Online Homeschool Can Work for Any Learning Style

Written by James Madison High School on Thursday, 11 July 2019. Posted in Homeschooler

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Online learning is more accepted than ever as a solution for adults and traditional students to complete their diploma or degree on their schedule, but you may be worried it’s not for you. However, online learning isn’t just for one type of person or one learning style. It can work for everyone, including you! Here’s how you can adapt the way you learn best to help you prepare to excel in your online high school diploma.

Online education can be for everyone

Today, online education is more accepted than ever as a solution for adults and traditional students to complete their diploma or degree on their schedule. While the flexibility of online school seems perfect for your busy life, you’re not sure if you’re cut out for it. When your only experience has been with a traditional classroom and teachers setting hard deadlines for your work, the idea of having to keep yourself motivated can feel a bit overwhelming. Can you stay focused on your studies and keep yourself moving forward? Are you taking enough notes or, maybe too many notes? Online learning isn’t just for one type of person or one learning style. It can work for everyone, including you! Here’s how you can adapt the way you learn best to help you prepare to excel in your online high school diploma.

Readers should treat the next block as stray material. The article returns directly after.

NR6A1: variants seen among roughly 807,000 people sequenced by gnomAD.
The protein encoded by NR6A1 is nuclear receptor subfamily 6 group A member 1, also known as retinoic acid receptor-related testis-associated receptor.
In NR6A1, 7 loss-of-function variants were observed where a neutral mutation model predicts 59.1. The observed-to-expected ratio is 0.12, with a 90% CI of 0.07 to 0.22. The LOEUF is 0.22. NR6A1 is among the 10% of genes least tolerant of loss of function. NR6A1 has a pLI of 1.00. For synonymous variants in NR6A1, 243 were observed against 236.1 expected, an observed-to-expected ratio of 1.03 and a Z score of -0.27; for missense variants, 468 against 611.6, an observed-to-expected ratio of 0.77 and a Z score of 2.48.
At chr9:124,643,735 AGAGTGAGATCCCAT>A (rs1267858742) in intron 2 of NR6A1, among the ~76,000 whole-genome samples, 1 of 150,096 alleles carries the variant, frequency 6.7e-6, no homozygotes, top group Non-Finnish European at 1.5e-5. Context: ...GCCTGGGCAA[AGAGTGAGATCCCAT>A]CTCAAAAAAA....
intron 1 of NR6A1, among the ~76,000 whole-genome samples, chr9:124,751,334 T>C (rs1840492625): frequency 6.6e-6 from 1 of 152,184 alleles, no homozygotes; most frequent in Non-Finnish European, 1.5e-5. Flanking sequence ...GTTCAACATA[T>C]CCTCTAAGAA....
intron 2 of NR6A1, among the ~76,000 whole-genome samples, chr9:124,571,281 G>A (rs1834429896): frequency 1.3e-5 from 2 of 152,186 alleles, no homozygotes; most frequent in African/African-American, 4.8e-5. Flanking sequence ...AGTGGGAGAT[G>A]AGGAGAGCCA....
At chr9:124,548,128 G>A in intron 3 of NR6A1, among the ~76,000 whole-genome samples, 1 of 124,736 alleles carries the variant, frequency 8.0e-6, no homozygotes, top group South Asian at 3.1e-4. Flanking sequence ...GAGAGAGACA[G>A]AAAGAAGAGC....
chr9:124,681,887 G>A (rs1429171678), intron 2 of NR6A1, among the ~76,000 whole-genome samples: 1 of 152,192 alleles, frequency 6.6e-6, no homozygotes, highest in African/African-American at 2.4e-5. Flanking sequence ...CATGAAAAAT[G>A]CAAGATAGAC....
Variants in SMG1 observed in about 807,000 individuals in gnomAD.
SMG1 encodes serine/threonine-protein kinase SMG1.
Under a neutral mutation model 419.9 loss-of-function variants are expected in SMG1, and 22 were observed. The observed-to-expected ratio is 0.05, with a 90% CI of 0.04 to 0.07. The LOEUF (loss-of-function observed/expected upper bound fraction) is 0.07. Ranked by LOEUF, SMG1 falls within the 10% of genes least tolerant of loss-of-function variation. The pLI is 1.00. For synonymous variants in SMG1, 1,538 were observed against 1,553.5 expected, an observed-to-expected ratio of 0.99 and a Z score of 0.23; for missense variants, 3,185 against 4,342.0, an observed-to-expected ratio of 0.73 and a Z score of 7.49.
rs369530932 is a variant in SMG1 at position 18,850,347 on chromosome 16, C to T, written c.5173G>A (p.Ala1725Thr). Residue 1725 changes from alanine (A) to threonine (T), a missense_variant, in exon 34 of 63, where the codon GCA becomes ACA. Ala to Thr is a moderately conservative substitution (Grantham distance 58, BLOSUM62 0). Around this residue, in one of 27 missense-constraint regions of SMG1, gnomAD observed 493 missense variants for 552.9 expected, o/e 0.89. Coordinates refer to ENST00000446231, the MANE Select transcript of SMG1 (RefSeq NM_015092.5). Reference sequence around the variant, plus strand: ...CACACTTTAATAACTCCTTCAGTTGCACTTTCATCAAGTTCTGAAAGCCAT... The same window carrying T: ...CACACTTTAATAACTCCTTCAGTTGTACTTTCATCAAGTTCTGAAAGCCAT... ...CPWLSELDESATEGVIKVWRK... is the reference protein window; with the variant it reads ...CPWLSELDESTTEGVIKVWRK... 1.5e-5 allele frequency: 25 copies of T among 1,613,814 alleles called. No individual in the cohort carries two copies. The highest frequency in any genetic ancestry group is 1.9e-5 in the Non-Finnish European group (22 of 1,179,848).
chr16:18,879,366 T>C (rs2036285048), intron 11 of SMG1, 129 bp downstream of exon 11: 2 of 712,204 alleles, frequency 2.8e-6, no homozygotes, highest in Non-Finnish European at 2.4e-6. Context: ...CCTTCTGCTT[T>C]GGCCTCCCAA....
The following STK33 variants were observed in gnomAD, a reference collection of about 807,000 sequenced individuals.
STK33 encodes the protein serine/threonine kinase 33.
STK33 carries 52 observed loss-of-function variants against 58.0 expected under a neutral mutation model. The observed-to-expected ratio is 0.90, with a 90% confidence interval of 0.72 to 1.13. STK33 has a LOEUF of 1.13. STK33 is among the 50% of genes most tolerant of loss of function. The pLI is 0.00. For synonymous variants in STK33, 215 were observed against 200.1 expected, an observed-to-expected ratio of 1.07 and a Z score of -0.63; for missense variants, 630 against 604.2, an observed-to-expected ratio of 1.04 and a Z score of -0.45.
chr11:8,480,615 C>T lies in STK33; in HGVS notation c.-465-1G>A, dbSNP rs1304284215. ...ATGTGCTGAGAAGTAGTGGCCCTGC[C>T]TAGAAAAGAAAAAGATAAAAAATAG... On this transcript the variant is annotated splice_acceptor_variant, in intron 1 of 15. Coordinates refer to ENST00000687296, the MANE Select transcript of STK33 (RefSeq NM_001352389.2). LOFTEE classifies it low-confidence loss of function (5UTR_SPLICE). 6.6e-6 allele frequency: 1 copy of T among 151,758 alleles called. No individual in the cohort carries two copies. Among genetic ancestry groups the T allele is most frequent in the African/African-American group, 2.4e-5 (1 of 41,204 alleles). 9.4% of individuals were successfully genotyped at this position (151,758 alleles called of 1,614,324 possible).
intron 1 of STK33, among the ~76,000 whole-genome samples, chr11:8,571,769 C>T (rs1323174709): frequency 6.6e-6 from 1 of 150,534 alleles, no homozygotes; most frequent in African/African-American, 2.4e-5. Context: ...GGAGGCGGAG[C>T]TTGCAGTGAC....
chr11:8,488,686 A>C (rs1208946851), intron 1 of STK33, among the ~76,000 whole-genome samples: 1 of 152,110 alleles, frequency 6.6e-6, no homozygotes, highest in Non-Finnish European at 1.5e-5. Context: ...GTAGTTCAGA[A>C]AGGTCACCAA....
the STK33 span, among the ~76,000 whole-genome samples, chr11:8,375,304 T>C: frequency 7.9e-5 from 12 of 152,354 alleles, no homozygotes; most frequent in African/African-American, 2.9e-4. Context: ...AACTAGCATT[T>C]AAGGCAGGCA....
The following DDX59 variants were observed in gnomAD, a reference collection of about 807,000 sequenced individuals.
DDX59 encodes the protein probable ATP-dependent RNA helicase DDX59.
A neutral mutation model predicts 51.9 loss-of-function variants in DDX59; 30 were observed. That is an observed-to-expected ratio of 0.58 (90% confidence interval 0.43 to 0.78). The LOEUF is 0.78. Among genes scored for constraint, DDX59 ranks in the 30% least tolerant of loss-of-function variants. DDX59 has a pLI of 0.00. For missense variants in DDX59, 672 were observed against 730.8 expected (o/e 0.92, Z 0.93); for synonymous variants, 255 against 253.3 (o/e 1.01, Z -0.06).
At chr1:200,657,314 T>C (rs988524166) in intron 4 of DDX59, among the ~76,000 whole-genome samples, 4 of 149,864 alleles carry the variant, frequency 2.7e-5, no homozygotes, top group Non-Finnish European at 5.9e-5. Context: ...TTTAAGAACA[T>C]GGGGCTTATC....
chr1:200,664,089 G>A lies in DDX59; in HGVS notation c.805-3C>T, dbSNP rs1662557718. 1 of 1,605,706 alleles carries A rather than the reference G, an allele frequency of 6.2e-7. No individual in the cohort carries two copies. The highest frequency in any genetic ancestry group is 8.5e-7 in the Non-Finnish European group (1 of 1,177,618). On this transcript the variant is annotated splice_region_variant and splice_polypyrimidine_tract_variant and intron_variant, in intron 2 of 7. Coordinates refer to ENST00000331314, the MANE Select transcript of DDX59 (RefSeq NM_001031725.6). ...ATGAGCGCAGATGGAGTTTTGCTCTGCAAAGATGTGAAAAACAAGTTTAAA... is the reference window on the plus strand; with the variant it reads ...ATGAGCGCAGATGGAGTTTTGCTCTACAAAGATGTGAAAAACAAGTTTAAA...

Figure out your learning style

Before you can figure out how you can make online learning work for you, start by identifying what your learning style is. Learning styles group common ways that people learn into one or two categories. You may have a few different ways you prefer to learn or that work best for you. You may even use different styles for different types of tasks. Pinpointing what generally works best for you can help you develop different strategies for studying and test-taking that suit your needs.

The seven learning styles are